Friday, September 02, 2005

The Blame Game

Who's responsible for the massive devestation that's been wrought on New Orleans and the Gulf Coast?

Other than FEMA, the White House and various charitable organizations, everyone seems to want to lay blame on one person or another. The mayor was ranting on WWL radio last night about the President's promises of aid, aid which he says he isn't seeing. Louisiana's governor was on TV this morning complaining that enough buses weren't sent to New Orleans to evacuate local residents. Miles O'Brien is on CNN trying to get Mississippi governor Haley Barbour to blame the President, then this morning trying to get Louisiana's governor to confess to her own screw-ups. Residents and reporters and questioning why relief organizations aren't already caring for everyone in the city. Most Americans seem disgusted with the level of looting and violence taking place in the city. Everyone's complaining about something, blaming someone.

What do we really know?

First, we know that Katrina hit Florida as a Category One hurricane, a weak storm, but causing plenty of destruction and massive loss of power. Resources were directed to Florida for rescue, recovery, etc. FEMA, Red Cross, Salvation Army and many other groups were setting up shop there just after Katrina moved into the Gulf.

Next, we know that Katrina strengthened quickly, taking aim at the Florida panhandle. It wasn't until Saturday morning, only 48 hours before landfall, that anyone knew that New Orleans was in jeopardy. And no one expected that it would grow into a Category Five storm.

We know that when Katrina came ashore, it created a swath of destruction from west of New Orleans east to near the Alabama state line. That's over 100 miles, plus the damage goes inland a bit. At one point, over 80% of Mississippi was without power. Thousands of homes destroyed, tens of thousands damaged. Suddenly resuce, recovery and rebuilding is taking place not just across south Florida, but along thousands of square miles of Alabama, Mississippi and Louisiana.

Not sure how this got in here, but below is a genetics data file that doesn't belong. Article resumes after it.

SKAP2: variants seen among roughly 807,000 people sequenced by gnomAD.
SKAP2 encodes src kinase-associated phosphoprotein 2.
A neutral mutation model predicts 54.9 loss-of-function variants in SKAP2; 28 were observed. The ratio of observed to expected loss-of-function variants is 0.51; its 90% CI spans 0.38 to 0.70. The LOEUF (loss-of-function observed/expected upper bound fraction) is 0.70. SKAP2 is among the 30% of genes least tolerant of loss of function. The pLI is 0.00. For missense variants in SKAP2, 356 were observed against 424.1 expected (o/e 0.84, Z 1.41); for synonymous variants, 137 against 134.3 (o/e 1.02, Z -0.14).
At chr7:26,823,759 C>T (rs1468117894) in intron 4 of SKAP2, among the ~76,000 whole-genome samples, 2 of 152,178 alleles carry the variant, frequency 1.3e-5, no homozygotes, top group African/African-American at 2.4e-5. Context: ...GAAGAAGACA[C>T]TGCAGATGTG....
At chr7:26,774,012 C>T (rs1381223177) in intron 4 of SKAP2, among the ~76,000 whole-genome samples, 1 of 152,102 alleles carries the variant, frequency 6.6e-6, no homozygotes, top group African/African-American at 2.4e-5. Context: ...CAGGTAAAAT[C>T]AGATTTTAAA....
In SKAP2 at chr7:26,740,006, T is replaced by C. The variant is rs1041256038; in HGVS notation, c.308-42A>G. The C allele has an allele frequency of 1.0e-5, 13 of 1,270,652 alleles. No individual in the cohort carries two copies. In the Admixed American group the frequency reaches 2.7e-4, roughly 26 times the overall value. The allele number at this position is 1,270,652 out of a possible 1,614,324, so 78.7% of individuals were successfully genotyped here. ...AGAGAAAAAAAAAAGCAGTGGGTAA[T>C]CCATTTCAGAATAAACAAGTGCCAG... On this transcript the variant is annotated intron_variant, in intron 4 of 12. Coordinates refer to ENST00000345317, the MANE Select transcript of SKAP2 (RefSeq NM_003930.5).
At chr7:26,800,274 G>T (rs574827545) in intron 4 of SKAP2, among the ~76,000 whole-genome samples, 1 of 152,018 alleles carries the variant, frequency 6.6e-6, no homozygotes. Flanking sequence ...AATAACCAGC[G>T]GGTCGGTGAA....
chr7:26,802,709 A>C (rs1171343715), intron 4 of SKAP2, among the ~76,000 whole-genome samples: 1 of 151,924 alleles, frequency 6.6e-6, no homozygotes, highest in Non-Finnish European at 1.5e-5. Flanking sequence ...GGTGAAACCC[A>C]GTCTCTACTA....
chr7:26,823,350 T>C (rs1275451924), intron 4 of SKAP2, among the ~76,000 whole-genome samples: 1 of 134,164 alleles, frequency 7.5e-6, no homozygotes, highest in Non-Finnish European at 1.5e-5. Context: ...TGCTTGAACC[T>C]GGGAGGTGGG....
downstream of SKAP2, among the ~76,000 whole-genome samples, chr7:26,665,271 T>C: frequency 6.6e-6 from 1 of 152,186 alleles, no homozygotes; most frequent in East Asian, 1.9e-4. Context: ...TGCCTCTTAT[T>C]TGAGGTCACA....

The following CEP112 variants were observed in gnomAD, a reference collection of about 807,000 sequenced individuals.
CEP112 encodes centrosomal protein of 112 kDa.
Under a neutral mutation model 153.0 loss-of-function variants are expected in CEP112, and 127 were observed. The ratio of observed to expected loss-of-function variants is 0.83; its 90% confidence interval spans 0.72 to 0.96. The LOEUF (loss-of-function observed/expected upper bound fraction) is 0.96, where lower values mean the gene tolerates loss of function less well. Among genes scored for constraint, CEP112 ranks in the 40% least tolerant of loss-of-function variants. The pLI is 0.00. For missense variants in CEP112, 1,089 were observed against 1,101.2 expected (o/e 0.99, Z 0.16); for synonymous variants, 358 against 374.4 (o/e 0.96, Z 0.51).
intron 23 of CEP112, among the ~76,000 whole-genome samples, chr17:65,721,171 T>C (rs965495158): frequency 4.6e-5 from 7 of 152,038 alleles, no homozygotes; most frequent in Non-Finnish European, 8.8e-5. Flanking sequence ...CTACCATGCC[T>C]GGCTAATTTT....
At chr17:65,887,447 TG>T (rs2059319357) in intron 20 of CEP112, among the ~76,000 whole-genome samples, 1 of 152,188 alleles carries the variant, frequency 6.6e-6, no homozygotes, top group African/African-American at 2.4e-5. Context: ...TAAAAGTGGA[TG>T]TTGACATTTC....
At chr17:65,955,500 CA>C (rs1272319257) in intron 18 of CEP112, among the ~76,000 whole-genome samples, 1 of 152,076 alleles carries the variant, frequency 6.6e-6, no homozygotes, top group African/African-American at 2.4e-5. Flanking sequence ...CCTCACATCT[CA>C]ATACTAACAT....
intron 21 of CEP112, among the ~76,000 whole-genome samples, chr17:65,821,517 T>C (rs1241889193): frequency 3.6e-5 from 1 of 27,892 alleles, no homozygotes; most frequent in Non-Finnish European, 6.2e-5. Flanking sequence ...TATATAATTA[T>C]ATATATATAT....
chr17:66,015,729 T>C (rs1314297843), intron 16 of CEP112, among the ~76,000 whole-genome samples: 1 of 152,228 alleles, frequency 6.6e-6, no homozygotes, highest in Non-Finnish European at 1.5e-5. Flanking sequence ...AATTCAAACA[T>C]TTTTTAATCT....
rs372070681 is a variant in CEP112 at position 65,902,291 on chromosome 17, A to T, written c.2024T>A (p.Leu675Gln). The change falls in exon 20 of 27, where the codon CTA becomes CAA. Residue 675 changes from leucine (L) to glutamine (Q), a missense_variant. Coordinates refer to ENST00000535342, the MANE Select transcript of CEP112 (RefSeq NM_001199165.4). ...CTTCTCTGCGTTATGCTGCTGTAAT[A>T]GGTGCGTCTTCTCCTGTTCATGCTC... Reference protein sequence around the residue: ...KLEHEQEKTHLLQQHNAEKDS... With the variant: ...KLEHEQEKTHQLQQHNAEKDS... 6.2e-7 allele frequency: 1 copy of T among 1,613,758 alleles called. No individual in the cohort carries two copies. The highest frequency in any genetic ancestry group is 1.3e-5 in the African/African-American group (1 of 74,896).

We know that a mandatory evacuation order was made by the New Orleans mayor Sunday morning, less than 24 hours before landfall. The terribly short notice, coupled with apathy or unconcern or stupidity (it had to be something), led to maybe 100,000 people trying to ride the storm out in New Orleans.

We know that levees made to withstand mush weaker hurricanes partially gave way, flooding the city with up to 20 feet of water. Houses are buried beneath the water, houses that will presumably have to be demolished when waters receed. Thousands of them. We also know that people knew for years and years the danger these levees held, yet they've never been strengthened.

We also know that looters and roving gangs of street thugs have tried to take control of what's left of the city. They've killed people, raped people, shot at relief helicopters and convoys and burned buildings. In a time of tragedy and suffering, we are seeing the worst of human behavior.

We know there's no effective way to communicate with all those trapped in the city, with phone service down, cell phone service spotty at best and no power to operate radios

So... I have a few questions.

Why wasn't the mandatory evacuation ordered on Saturday, when it became apparent that Katrina was heading their way?

I've seen video and pictures of dozens of school buses in a parking lot in New Orleans up to their roofs in water. Why weren't those buses used to evactuate the poor, disabled and elderly? Assuming each bus could hold 40 people, and I saw what looked to be at least 100 buses, that's another 4,000 who could have been rescued. And in a city that size, there must have been hundreds of buses.

Where has the police chief been throughout this crisis? With stories of 20 to 40 percent of city police AWOL, and video on MSNBC of three policewomen looting in a Wal-Mart, where's the public face of the police department?

Why aren't more community leaders stepping up to condemn the looting and violence?

It's too early to talk about rebuilding, but when the time comes, should the city be restored to it's condition prior to the hurricane? Should areas of the city be built-up, raising neighborhoods above sea-level?